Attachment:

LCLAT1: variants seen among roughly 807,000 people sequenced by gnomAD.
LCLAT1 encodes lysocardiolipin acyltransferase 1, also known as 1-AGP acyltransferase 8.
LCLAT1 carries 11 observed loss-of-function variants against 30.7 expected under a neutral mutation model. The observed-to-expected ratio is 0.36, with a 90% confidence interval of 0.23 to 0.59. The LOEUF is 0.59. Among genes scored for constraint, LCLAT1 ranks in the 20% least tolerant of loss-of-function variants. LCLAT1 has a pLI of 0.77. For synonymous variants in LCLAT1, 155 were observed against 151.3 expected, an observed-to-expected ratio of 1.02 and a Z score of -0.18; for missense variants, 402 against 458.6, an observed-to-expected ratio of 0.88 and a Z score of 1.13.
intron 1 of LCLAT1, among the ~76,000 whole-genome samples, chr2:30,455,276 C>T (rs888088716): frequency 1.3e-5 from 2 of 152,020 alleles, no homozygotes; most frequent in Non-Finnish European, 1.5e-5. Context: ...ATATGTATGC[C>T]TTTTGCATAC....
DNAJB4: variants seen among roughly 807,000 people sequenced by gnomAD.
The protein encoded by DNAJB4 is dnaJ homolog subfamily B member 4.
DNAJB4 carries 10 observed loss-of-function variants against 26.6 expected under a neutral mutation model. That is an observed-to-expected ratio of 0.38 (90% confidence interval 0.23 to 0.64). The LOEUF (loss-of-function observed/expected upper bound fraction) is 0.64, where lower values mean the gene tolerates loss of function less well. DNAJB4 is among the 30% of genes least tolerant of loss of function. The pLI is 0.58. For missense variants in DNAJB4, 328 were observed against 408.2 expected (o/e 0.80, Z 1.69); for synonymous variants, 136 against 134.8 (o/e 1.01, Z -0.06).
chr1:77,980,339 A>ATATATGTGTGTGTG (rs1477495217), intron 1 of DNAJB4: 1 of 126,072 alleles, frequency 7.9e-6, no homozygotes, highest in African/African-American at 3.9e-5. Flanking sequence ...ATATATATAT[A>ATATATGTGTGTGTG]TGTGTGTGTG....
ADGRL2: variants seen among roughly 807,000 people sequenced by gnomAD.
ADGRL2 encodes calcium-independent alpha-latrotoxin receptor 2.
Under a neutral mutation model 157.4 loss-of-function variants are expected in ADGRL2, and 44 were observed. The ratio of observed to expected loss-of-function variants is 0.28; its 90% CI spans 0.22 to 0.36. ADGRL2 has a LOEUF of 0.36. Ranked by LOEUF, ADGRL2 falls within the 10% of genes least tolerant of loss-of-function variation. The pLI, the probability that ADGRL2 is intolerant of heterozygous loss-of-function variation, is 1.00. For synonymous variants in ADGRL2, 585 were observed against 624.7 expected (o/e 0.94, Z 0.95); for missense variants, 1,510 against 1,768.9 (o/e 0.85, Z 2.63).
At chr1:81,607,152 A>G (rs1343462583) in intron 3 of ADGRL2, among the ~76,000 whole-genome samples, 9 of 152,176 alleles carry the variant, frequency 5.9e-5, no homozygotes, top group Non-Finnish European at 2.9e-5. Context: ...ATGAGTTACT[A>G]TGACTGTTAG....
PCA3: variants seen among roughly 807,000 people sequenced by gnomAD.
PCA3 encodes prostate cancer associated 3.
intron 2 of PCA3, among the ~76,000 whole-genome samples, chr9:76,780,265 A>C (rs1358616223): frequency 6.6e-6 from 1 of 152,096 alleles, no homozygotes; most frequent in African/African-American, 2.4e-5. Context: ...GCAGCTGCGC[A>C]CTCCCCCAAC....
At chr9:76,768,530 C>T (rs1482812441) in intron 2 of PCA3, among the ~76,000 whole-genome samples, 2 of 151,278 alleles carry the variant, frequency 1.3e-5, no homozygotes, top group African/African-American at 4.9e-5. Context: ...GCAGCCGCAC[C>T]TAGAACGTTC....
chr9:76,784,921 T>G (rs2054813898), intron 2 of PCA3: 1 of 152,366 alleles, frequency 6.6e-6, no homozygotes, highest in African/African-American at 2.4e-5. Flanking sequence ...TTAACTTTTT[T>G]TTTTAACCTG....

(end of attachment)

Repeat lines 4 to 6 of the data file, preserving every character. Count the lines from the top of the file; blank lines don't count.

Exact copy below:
intron 1 of LCLAT1, among the ~76,000 whole-genome samples, chr2:30,455,276 C>T (rs888088716): frequency 1.3e-5 from 2 of 152,020 alleles, no homozygotes; most frequent in Non-Finnish European, 1.5e-5. Context: ...ATATGTATGC[C>T]TTTTGCATAC....
DNAJB4: variants seen among roughly 807,000 people sequenced by gnomAD.
The protein encoded by DNAJB4 is dnaJ homolog subfamily B member 4.